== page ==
There were tons of questions about our company and goals, which was nice because it was kind of an ‘aha’ moment for me. It made me go back to my original business plan and realize that what we were shooting for was a good idea, but we never imagined there would be a pandemic. It taught me how to pivot and accommodate.” 

Napoleon says that looking back is helping her look ahead. 

“My vision board has changed,” she adds, “Our goal is to come out of (the incubator) knowing more about Clearwater, a seasonal tourist city that operates differently. I want to be able to expand and learn more about the business and grow.” 

Paddle Pub Clearwater Beach owner Misty Wells is also among the incubator’s first group of entrepreneurs.

“It is very exciting being part of the first group of its kind in Clearwater,” she says.  “They have put together a group of leaders in their field and already, in just two weeks, I have learned a ton. Mostly, I have learned so many things that I did not do prior to opening, but the good news is it's not too late.” 

“There is much more structure that should be laid out before opening a business – it’s not as easy as just doing it,” she adds.

Wells knew this all too starkly, facing the inherent hardships of operating a business in an uncertain economy. 

“Before I got accepted in the program, I was toying with the idea of throwing in the towel,” she says. “It's hard owning a small business, and with inflation right now it's much harder.”

Wells says being part of the tourism incubator has given her a sense of hope. 

“I know now that we can make it and, with the tools they are providing, we will come out much stronger,” she says. “I am very grateful for this program.”

AMPLIFY has confidence in the future   

Only weeks into the new program,  Payne is already encouraged by the growth she sees in the first group of enrollees. 

“It was great to watch the organic partnerships and connections that were created among our first group of cohorts,” she says. “This initiative has really grown from great public-private synergy, including the support of Clearwater City Council, former Clearwater Mayor Frank Hibbard, Visit St. Pete/Clearwater, and many others – this has pulled together a lot of agencies that really want to be a part of this.”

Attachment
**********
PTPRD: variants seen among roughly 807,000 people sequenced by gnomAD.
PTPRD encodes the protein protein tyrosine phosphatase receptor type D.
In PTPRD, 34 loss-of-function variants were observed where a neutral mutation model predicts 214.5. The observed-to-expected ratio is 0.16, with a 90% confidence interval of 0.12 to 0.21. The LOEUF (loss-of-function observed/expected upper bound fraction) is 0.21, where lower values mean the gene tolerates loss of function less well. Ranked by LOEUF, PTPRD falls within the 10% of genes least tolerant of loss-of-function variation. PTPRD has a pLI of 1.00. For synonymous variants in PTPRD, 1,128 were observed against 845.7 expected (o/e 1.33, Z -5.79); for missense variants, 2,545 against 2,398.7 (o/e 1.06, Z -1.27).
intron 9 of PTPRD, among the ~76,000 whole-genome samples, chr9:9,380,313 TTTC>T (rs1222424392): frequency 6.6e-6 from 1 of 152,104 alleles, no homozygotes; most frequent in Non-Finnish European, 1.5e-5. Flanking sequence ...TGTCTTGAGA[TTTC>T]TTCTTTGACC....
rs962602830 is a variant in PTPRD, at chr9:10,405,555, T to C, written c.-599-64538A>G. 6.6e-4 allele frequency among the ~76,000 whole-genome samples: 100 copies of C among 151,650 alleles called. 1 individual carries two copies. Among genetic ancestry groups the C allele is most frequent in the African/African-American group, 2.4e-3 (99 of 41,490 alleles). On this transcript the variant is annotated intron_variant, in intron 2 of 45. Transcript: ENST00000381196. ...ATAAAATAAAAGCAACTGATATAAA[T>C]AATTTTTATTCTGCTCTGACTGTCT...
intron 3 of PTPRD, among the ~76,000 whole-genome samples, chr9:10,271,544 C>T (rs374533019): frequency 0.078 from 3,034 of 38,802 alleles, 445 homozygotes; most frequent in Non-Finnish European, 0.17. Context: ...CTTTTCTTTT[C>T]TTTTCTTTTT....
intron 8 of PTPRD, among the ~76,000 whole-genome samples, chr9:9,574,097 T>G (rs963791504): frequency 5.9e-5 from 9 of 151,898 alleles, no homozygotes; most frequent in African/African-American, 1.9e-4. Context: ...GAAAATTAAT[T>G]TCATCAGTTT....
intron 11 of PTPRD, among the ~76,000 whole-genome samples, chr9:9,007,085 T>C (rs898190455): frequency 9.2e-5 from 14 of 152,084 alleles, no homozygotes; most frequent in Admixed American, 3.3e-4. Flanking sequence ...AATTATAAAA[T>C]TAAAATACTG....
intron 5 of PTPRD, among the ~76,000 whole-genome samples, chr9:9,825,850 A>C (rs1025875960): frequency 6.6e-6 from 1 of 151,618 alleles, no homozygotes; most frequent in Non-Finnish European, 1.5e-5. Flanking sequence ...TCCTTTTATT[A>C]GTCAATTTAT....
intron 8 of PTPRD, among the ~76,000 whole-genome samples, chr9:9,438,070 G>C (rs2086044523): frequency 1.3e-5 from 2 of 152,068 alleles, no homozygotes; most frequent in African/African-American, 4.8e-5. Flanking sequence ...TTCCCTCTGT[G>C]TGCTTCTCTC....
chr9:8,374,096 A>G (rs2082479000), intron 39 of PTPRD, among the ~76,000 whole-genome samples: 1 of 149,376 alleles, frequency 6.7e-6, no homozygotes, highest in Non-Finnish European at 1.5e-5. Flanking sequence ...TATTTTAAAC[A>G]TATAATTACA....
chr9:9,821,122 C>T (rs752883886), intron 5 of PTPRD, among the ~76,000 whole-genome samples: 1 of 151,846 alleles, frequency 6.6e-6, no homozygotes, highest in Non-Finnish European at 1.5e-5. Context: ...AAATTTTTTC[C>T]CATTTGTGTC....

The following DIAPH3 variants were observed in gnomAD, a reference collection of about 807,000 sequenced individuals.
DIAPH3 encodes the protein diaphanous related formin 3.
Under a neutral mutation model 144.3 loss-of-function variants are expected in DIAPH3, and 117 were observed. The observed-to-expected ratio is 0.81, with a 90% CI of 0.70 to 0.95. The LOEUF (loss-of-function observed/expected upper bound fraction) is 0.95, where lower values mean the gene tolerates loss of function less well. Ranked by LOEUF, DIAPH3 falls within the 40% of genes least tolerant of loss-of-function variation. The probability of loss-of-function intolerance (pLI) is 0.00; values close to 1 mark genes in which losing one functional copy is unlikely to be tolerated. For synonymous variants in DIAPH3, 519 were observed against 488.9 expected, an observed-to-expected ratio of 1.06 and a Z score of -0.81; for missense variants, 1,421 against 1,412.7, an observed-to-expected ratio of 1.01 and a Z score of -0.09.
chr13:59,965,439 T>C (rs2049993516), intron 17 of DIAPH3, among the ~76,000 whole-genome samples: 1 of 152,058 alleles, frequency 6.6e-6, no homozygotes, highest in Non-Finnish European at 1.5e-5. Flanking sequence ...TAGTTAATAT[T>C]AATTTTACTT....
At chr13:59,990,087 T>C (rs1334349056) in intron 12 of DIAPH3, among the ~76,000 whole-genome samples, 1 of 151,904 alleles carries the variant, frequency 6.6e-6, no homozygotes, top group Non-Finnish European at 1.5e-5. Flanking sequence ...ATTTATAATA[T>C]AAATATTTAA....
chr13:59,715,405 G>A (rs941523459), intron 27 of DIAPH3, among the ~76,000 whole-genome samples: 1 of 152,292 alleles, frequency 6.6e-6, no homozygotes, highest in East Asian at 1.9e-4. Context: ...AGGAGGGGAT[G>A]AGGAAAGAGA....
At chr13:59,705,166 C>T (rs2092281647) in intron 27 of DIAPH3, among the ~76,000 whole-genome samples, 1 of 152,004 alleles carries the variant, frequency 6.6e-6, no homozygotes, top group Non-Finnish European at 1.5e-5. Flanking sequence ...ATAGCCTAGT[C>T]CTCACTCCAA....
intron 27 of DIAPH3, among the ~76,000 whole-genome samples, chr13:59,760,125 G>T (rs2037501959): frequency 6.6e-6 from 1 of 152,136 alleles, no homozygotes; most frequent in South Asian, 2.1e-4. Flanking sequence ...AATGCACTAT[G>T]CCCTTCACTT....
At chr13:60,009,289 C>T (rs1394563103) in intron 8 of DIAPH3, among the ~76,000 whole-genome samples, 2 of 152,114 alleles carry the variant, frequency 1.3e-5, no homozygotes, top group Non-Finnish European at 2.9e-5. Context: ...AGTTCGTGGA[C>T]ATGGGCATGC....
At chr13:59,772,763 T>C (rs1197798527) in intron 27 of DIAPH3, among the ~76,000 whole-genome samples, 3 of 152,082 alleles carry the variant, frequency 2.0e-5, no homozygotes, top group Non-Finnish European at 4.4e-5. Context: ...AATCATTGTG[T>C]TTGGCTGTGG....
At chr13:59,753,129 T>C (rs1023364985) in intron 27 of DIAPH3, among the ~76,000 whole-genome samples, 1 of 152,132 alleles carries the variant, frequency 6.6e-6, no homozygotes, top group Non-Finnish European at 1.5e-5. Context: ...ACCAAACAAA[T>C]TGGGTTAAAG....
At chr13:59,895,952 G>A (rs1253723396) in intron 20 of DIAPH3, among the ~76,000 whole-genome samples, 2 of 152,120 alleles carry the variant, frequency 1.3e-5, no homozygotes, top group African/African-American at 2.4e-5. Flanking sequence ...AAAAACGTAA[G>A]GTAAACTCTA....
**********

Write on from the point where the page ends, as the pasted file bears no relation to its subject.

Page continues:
mong the good things ahead for the program is a partnership with St. Petersburg College that will enable AMPLIFY’s tourism incubator classes to count as college credit. 

“This benefits the whole community,” Payne says.

For more information, go to AMPLIFY Clearwater tourism incubator.

For information on the businesses in this story, go to Allori Blow Dry Bar, Essentials Massage and Facials of Clearwater, Paddle Pub Clearwater Beach.

The varied group of small businesses in the tourism incubator’s inaugural class also includes Aspirations Winery, Betty Shop, CR World, Clearwater Inshore Fishing, Girls Sailing, One Medical Centers and Tourism Transit System.
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Read more articles by Joshua McMorrow-Hernandez.

Joshua McMorrow-Hernandez is a freelance writer who was born and raised in Tampa. He earned his BA in English from the University of South Florida and spent more than three years as a full-time copywriter for a local internet marketing firm before striking out on his own to write for various blogs and periodicals, including TheFunTimesGuide, CoinValue and COINage magazine. He has also authored local history books, including Images of America: Tampa's Carrollwood and Images of Modern America: Tampa Bay Landmarks and Destinations, which are two titles produced by Arcadia Publishing.